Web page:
We recorder players are always delighted to find someone who knows about the mere existence of our instrument outside the scope of our small world of connoisseurs.
The most famous “outsider” ever was Umberto Eco. A professor of semiotics that became very popular when his best-selling fiction book “The name of the Rose” was made into a movie.
Eco was an amateur recorder player and a big fan of our original repertoire and amongst his preferred authors van Eyck and Telemann stand out. Maybe his taste for early music originated during his studies of medieval aesthetics.
Eco died recently and left an important legacy of writings. He talked about the recorder in many occasions but did not write about it except in a humorous and witty essay that is part of a collection published in 1994 under the title “Il secondo Diario Minimo”. This collection appeared in English as “How to travel with a salmon and other essays”.
How not to talk about soccer
I have nothing against soccer. I don’t go to stadiums, for the same reason that I wouldn’t go and spend the night in the basement of the Main Railroad Station in Milan (or stroll in Central Park in New York after six in the afternoon), but if the occasion arises I watch a good game on TV with interest and pleasure, because I recognize and appreciate all the merits of this noble sport. I don’t hate soccer. I hate soccer fans.
Please don’t misunderstand me. My feelings towards fans are exactly those that xenophobes of the Lombard League feel towards immigrants from the Third World. “I’m not a racist, so long as they stay home.” By “home” here I mean both the places where they like to gather during the week (bars, living rooms, clubs) and the stadiums, where I am not interested in what happens. And for me it’s a plus if the Liverpool fans arrive, because then I can amuse myself reading the news reports: if we must have circenses, some blood at least should be spilled.
I don’t like the soccer fan, because he has a strange defect: he cannot understand why you are not a fan yourself, and he insists on talking to you as if you were. To convey my meaning I will give you an analogy. I play the recorder (worse and worse, according to a public statement by Luciano Berio, but to be followed so closely by a Great Master is a satisfaction). Now let’s suppose that I am in a train compartment and, to strike up a conversation, I ask the gentleman sitting opposite me,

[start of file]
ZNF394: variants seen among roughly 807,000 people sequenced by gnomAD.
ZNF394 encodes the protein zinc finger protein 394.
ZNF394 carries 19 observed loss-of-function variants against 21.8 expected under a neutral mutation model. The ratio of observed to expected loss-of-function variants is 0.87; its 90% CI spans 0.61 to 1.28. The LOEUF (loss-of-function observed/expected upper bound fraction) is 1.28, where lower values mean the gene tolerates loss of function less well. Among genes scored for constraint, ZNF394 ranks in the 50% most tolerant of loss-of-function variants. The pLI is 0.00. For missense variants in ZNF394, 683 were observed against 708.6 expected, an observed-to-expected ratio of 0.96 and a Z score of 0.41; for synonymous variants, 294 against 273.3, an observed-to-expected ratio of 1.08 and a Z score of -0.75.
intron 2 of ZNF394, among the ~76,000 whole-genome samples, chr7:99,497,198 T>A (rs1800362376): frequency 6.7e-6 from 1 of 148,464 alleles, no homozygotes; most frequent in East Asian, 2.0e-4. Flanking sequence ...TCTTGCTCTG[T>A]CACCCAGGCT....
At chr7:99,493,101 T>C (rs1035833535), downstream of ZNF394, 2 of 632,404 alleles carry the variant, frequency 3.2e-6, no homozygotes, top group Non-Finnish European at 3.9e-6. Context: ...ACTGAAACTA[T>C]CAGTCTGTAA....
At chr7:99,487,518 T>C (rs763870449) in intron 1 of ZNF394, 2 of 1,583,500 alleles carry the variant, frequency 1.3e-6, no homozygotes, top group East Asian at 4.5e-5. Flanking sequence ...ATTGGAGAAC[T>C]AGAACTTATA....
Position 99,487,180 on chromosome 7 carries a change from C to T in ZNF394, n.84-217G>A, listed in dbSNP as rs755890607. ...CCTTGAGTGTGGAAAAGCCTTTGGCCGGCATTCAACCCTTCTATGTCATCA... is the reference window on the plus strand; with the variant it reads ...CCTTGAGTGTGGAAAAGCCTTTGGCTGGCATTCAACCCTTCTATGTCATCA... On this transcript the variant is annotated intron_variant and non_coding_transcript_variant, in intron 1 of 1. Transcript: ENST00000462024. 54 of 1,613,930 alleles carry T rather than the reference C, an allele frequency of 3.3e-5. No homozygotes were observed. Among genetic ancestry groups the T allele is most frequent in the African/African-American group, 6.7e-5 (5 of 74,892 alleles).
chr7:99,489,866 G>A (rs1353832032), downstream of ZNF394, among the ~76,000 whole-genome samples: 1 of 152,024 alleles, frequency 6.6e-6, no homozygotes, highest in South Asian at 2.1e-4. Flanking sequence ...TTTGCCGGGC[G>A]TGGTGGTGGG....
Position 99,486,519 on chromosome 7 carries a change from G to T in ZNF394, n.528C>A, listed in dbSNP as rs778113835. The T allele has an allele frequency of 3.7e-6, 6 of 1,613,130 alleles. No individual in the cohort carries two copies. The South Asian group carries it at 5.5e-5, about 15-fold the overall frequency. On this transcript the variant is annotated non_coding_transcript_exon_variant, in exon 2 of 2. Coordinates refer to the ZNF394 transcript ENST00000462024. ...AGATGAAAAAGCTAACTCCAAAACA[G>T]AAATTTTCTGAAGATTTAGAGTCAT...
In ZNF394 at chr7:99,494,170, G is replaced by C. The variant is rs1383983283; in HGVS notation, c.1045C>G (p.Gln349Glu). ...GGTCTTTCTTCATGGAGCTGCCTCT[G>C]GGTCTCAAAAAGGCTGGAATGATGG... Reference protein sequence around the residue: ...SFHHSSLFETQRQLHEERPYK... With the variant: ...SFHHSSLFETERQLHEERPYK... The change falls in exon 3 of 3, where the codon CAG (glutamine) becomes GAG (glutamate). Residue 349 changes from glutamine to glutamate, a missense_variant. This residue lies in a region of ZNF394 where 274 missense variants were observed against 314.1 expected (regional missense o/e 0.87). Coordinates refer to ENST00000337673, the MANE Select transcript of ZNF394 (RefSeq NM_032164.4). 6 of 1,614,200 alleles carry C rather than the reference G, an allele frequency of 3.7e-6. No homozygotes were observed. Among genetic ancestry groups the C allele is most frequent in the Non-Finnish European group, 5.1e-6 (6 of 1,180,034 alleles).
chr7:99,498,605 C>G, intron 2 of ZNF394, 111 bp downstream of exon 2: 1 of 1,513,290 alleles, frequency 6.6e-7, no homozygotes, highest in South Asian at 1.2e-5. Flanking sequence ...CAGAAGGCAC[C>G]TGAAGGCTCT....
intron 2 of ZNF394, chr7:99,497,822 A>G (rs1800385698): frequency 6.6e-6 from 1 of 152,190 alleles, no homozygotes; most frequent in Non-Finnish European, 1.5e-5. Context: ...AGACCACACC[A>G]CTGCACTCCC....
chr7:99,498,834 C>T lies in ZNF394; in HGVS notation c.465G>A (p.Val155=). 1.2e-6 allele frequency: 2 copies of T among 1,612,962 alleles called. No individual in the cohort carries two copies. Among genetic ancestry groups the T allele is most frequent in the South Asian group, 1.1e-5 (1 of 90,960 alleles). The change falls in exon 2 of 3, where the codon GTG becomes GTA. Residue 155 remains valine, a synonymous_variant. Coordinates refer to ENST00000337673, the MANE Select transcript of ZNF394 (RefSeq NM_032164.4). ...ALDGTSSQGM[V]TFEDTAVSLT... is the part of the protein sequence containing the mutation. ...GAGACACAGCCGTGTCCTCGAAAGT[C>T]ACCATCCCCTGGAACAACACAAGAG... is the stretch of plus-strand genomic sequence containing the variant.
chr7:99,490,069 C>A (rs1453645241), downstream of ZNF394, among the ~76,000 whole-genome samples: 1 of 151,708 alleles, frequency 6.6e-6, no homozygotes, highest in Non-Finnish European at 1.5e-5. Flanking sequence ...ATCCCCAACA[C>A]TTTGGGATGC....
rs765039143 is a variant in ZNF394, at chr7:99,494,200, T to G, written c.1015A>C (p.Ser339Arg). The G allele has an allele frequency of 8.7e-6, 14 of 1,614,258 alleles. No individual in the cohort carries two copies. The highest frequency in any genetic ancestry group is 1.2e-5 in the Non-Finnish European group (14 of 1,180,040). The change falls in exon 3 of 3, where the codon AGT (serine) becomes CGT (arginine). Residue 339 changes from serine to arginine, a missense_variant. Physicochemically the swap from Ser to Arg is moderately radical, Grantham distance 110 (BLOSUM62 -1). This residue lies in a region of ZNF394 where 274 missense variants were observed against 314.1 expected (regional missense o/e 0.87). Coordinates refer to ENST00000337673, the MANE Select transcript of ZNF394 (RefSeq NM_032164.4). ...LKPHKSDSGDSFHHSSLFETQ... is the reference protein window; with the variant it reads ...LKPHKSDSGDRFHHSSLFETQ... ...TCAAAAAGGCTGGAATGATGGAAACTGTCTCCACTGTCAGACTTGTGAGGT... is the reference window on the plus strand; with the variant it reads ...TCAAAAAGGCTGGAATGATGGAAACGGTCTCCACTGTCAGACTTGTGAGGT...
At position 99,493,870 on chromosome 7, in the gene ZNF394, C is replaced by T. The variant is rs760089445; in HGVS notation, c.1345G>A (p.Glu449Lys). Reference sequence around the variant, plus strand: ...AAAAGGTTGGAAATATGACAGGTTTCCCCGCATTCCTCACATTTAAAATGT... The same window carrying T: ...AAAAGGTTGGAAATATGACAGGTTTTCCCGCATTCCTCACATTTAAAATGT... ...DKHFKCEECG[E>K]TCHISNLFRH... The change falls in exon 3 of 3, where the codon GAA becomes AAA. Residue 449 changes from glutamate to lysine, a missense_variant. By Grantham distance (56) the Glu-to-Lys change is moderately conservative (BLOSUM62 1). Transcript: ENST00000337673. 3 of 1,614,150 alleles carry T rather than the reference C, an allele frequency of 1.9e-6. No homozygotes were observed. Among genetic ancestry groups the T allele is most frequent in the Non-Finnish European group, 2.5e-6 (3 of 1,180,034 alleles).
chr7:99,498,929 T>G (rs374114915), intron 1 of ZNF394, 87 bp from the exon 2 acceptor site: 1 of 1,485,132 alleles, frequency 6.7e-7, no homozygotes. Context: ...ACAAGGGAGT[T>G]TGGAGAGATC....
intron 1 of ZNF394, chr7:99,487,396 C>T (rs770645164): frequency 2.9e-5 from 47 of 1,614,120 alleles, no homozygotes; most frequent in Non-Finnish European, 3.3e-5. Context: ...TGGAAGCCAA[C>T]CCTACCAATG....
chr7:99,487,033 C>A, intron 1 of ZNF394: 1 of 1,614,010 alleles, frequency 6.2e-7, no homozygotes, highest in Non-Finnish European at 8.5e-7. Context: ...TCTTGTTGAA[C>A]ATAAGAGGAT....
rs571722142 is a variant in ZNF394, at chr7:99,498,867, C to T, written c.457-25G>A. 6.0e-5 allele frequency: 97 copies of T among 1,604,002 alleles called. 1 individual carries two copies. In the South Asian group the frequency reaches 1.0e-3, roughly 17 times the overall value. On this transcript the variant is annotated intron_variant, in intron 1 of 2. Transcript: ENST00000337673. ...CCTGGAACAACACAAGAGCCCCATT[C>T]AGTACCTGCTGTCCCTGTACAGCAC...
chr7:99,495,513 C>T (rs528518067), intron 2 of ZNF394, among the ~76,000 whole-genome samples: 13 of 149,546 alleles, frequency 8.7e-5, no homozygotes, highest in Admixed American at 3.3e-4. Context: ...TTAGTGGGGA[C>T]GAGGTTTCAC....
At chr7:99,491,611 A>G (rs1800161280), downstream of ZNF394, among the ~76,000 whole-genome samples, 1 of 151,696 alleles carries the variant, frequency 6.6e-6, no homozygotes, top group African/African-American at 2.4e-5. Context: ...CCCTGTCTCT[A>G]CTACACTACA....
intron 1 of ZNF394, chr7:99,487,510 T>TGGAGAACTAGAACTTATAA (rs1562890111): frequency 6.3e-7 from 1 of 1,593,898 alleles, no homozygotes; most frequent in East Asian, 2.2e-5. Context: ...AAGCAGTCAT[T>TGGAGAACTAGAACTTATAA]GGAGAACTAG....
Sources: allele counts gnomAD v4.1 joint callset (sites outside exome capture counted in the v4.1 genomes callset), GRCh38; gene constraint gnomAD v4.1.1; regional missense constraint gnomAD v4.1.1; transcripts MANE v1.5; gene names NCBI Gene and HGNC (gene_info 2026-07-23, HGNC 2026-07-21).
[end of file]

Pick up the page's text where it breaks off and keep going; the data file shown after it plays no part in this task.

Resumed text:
“Have you heard Frans Brüggen’s latest CD?”
“I’m talking about the Pavane Lachrymae. If you ask me, he takes the opening bars too slowly.”
“I’m afraid I don’t understand.”
“I’m talking about Van Eyck, of course, [slowly and distinctly] The Blockflöte”
“Look, I’m not…. Do you play it with a bow?”
“Oh, I understand, you aren’t—”
“That’s funny. Did you know that, for a custom-made Coolsma, there’s a three-year waiting list? So an ebony Moeck is better. It’s the best, at least of those on the market. Galway says the same thing. Tell me something: do you go as far as the fifth variation of Derdre Doen Daphne D’Over?”
“Actually, I’m getting off at Parma.”
“Oh, I see. You prefer to play in F rather than in C. It’s more satisfying in some ways, I know. Mind you, I’ve discovered a sonata by Loeillet that—”
“But I’d like to hear you in the Fantasias of Telemann. Can you manage them? Don’t tell me you use the German fingering?”
“Look, when it comes to the Germans, I…. Granted, the BMW is a great car, and I respect them, but—”
“I get it. You use the baroque fingering. Right. Though the St. Martin’s-in-the-Fields bunch—”
There. You understand my point, I’m sure. And you will sympathize with my hapless traveling companion if he pulls the alarm cord. But the same thing happens with the soccer fan. And the situation is particularly difficult when the fan is also your taxi driver:
“So what about Vialli, eh?”
“I must have missed that.”
“But you’re going to watch the game tonight, aren’t you?”
“No, I have to work on Book Z of the Metaphysics, you know? The Stagirite.”
“Okay. You watch it and you’ll see if I’m right or not. I say Van Basten might be the new Maradona. What do you think? But I’d keep an eye on Aldaiz, all the same.”
And so on and on. Like talking to a wall. It isn’t that he doesn’t care a fig that I don’t care a fig. It’s that he can’t conceive that anyone could exist and not care a fig. He wouldn’t understand it even if I had three eyes and a pair of antennae emerging from the green scales of my nape. He has no notion of the diversity, the variety, the incomparability of the various possible worlds. I have used the taxi driver as an example, but the situation is the same when the interlocutor belongs to the managerial class. It’s like ulcers: they strike rich and poor alike. It is curious, however, that creatures so adamantine in their conviction that all humans are the same are ready to bash in the head of the fan who comes from the neighboring province. This ecumenical chauvinism wrings roars of admiration from me. It’s as if the members of the Lombard League were to say:
“Suffer the Africans to come unto us. So we can kick their ass.”